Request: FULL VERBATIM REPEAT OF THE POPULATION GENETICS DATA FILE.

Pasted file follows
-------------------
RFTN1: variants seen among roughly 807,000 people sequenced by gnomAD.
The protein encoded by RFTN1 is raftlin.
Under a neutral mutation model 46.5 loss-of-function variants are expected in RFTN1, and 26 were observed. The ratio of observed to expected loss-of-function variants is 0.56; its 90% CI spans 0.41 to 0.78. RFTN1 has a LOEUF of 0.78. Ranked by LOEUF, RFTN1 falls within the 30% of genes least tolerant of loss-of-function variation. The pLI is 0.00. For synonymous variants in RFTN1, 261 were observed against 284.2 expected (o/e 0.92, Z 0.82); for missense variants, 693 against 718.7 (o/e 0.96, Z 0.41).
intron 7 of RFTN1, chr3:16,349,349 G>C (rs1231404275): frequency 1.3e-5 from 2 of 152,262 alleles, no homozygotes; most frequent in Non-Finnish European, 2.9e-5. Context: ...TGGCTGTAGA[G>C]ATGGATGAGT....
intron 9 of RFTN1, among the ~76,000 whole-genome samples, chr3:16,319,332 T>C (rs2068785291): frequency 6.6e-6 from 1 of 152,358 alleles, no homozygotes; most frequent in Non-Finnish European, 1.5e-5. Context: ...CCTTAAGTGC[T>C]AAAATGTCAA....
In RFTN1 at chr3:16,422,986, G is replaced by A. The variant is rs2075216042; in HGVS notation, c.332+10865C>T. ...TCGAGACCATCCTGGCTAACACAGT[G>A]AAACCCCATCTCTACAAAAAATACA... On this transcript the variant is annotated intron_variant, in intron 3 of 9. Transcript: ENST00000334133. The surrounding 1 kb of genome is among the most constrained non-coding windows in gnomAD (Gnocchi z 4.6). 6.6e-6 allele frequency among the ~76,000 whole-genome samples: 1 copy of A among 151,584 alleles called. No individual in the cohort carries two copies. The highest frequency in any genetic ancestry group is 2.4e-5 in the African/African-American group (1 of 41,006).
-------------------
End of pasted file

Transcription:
RFTN1: variants seen among roughly 807,000 people sequenced by gnomAD.
The protein encoded by RFTN1 is raftlin.
Under a neutral mutation model 46.5 loss-of-function variants are expected in RFTN1, and 26 were observed. The ratio of observed to expected loss-of-function variants is 0.56; its 90% CI spans 0.41 to 0.78. RFTN1 has a LOEUF of 0.78. Ranked by LOEUF, RFTN1 falls within the 30% of genes least tolerant of loss-of-function variation. The pLI is 0.00. For synonymous variants in RFTN1, 261 were observed against 284.2 expected (o/e 0.92, Z 0.82); for missense variants, 693 against 718.7 (o/e 0.96, Z 0.41).
intron 7 of RFTN1, chr3:16,349,349 G>C (rs1231404275): frequency 1.3e-5 from 2 of 152,262 alleles, no homozygotes; most frequent in Non-Finnish European, 2.9e-5. Context: ...TGGCTGTAGA[G>C]ATGGATGAGT....
intron 9 of RFTN1, among the ~76,000 whole-genome samples, chr3:16,319,332 T>C (rs2068785291): frequency 6.6e-6 from 1 of 152,358 alleles, no homozygotes; most frequent in Non-Finnish European, 1.5e-5. Context: ...CCTTAAGTGC[T>C]AAAATGTCAA....
In RFTN1 at chr3:16,422,986, G is replaced by A. The variant is rs2075216042; in HGVS notation, c.332+10865C>T. ...TCGAGACCATCCTGGCTAACACAGT[G>A]AAACCCCATCTCTACAAAAAATACA... On this transcript the variant is annotated intron_variant, in intron 3 of 9. Transcript: ENST00000334133. The surrounding 1 kb of genome is among the most constrained non-coding windows in gnomAD (Gnocchi z 4.6). 6.6e-6 allele frequency among the ~76,000 whole-genome samples: 1 copy of A among 151,584 alleles called. No individual in the cohort carries two copies. The highest frequency in any genetic ancestry group is 2.4e-5 in the African/African-American group (1 of 41,006).